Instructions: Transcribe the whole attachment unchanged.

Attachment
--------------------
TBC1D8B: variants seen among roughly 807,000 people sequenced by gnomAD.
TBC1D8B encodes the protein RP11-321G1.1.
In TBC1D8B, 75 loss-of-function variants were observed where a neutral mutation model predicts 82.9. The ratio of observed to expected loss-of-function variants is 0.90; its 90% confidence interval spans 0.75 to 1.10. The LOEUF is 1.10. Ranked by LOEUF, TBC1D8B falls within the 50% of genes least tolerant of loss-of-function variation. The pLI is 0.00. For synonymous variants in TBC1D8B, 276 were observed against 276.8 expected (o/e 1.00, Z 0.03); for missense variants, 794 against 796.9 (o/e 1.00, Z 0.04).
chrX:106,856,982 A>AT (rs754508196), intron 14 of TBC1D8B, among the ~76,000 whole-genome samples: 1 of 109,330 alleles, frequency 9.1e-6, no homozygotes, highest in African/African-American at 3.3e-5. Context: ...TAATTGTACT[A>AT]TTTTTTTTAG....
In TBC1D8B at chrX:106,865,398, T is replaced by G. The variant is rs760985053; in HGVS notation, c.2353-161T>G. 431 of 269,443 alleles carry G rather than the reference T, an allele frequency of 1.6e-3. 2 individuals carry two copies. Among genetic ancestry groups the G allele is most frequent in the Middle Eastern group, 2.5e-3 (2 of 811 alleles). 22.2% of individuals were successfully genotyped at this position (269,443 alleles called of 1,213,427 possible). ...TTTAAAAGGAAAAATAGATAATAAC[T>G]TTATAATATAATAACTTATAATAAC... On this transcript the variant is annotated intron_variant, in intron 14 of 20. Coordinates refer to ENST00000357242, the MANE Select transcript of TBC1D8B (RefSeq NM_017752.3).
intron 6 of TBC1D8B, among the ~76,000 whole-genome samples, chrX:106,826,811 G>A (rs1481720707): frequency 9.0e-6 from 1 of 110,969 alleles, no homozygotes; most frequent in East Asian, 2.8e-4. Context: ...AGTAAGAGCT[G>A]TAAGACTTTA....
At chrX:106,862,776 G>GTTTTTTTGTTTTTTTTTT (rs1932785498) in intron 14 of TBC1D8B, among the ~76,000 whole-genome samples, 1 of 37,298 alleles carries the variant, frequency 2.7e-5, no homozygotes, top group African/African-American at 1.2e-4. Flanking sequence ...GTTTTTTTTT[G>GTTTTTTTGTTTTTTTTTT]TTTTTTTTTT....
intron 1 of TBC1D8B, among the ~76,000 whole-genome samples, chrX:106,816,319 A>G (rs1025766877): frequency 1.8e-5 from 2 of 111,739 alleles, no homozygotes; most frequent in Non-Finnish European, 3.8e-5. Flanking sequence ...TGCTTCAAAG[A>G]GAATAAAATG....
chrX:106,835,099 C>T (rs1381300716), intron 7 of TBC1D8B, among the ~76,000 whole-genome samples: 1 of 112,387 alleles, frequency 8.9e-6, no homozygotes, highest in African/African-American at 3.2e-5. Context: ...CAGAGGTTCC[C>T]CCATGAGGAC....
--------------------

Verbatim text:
TBC1D8B: variants seen among roughly 807,000 people sequenced by gnomAD.
TBC1D8B encodes the protein RP11-321G1.1.
In TBC1D8B, 75 loss-of-function variants were observed where a neutral mutation model predicts 82.9. The ratio of observed to expected loss-of-function variants is 0.90; its 90% confidence interval spans 0.75 to 1.10. The LOEUF is 1.10. Ranked by LOEUF, TBC1D8B falls within the 50% of genes least tolerant of loss-of-function variation. The pLI is 0.00. For synonymous variants in TBC1D8B, 276 were observed against 276.8 expected (o/e 1.00, Z 0.03); for missense variants, 794 against 796.9 (o/e 1.00, Z 0.04).
chrX:106,856,982 A>AT (rs754508196), intron 14 of TBC1D8B, among the ~76,000 whole-genome samples: 1 of 109,330 alleles, frequency 9.1e-6, no homozygotes, highest in African/African-American at 3.3e-5. Context: ...TAATTGTACT[A>AT]TTTTTTTTAG....
In TBC1D8B at chrX:106,865,398, T is replaced by G. The variant is rs760985053; in HGVS notation, c.2353-161T>G. 431 of 269,443 alleles carry G rather than the reference T, an allele frequency of 1.6e-3. 2 individuals carry two copies. Among genetic ancestry groups the G allele is most frequent in the Middle Eastern group, 2.5e-3 (2 of 811 alleles). 22.2% of individuals were successfully genotyped at this position (269,443 alleles called of 1,213,427 possible). ...TTTAAAAGGAAAAATAGATAATAAC[T>G]TTATAATATAATAACTTATAATAAC... On this transcript the variant is annotated intron_variant, in intron 14 of 20. Coordinates refer to ENST00000357242, the MANE Select transcript of TBC1D8B (RefSeq NM_017752.3).
intron 6 of TBC1D8B, among the ~76,000 whole-genome samples, chrX:106,826,811 G>A (rs1481720707): frequency 9.0e-6 from 1 of 110,969 alleles, no homozygotes; most frequent in East Asian, 2.8e-4. Context: ...AGTAAGAGCT[G>A]TAAGACTTTA....
At chrX:106,862,776 G>GTTTTTTTGTTTTTTTTTT (rs1932785498) in intron 14 of TBC1D8B, among the ~76,000 whole-genome samples, 1 of 37,298 alleles carries the variant, frequency 2.7e-5, no homozygotes, top group African/African-American at 1.2e-4. Flanking sequence ...GTTTTTTTTT[G>GTTTTTTTGTTTTTTTTTT]TTTTTTTTTT....
intron 1 of TBC1D8B, among the ~76,000 whole-genome samples, chrX:106,816,319 A>G (rs1025766877): frequency 1.8e-5 from 2 of 111,739 alleles, no homozygotes; most frequent in Non-Finnish European, 3.8e-5. Flanking sequence ...TGCTTCAAAG[A>G]GAATAAAATG....
chrX:106,835,099 C>T (rs1381300716), intron 7 of TBC1D8B, among the ~76,000 whole-genome samples: 1 of 112,387 alleles, frequency 8.9e-6, no homozygotes, highest in African/African-American at 3.2e-5. Context: ...CAGAGGTTCC[C>T]CCATGAGGAC....